President Donald Trump posed a question via Twitter on Wednesday morning: “Crimea was TAKEN by Russia during the Obama Administration. Was Obama too soft on Russia?”
According to NATO expert Jorge Benitez of the Atlantic Council, he was — but there’s more to the story.
“Yes, Obama was too soft on Russia,” Benitez told Business Insider. “But so were Germany, France, the UK, the EU, the UN, and Congress.”
Benitez said that the international community’s treatment of Russia’s invasion of Georgia in 2008 was “too soft” and “contributed to Putin’s willingness to attack Ukraine,” adding that the softness also added to “Putin’s willingness to break international treaties like the INF (Intermediate-range Nuclear Forces) and probably attack another of his neighbours in the future.”
But the 2008 invasion of Georgia happened under President George W. Bush’s watch. James Jeffrey, former deputy national security adviser under Bush, told Business Insider that there’s “very little you can do” about Russian aggression.
Jeffrey said that the Russian swiping of Crimea was “unpredictable and unstoppable,” just like their move into Georgia, but Benitez says it was the US response to these moves by Russia that came off as too soft.
“The US and the international community had a lot of powerful non-military options to raise the cost to Russia and make it more willing to stop killing Ukrainians,” said Benitez. “Obama’s sanctions are so soft, some Russian legislators made fun of him and begged the US to sanction them.”
But the blame doesn’t lie with Obama alone. In 2014, when Russia illegally annexed Crimea, Europe was buying almost 30% of their oil from Russia, and Europe remains Moscow’s main client for energy exports.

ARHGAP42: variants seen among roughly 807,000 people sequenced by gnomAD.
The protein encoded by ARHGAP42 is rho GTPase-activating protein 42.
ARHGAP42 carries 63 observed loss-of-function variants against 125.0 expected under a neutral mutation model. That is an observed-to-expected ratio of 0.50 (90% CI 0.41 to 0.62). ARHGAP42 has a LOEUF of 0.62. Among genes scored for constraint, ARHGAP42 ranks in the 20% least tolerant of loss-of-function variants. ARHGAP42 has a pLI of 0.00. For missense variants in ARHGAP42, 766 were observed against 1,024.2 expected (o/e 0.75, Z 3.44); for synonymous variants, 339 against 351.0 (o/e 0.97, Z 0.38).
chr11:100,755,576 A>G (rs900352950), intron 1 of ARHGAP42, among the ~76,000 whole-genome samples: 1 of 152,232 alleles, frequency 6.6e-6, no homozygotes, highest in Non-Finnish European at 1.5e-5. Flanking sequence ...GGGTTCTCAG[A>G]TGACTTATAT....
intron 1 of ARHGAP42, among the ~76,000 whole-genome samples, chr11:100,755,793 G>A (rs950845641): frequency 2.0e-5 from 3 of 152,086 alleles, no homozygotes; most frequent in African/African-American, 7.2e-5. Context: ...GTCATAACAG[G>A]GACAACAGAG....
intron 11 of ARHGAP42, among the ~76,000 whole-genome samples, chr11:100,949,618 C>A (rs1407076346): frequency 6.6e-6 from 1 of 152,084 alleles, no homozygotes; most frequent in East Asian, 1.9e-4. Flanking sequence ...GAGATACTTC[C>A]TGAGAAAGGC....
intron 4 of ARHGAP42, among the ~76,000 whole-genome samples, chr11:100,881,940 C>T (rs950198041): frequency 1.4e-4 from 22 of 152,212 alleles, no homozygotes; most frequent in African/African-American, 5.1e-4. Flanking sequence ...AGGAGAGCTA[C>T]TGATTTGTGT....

“Russia is so dependent on Europeans buying their energy, that if Europe did even a partial embargo and cut its energy purchases from Russia in half, it would have a crippling impact on the Russian economy and make it impossible for Putin to pay for his foreign aggression,” said Benitez.
Besides sanctions and diplomatic actions, the US had military options for confronting Russia in the wake of their land grabs, which had bipartisan support in Congress. “But Obama was too soft and refused to pursue” options like arming the Ukrainians, said Benitez.
Now, fighting and casualties have been on the rise in Ukraine, which is “strong evidence that Obama’s policy on Russia did not work,” said Benitez.
So while Obama certainly could have done more to counter Russia, an increasingly adversarial state, Trump has rarely, if ever in his campaign or presidency signalled that he may be tougher.
In fact, Trump’s administration finds itself under intense scrutiny after the revelation that former national security adviser Michael Flynn discussed the easing of Obama’s sanctions on Russia before the election, and that the Trump administration had been in contact with Russia during the campaign, which Russia influenced by leaking emails from the Democratic National Convention.
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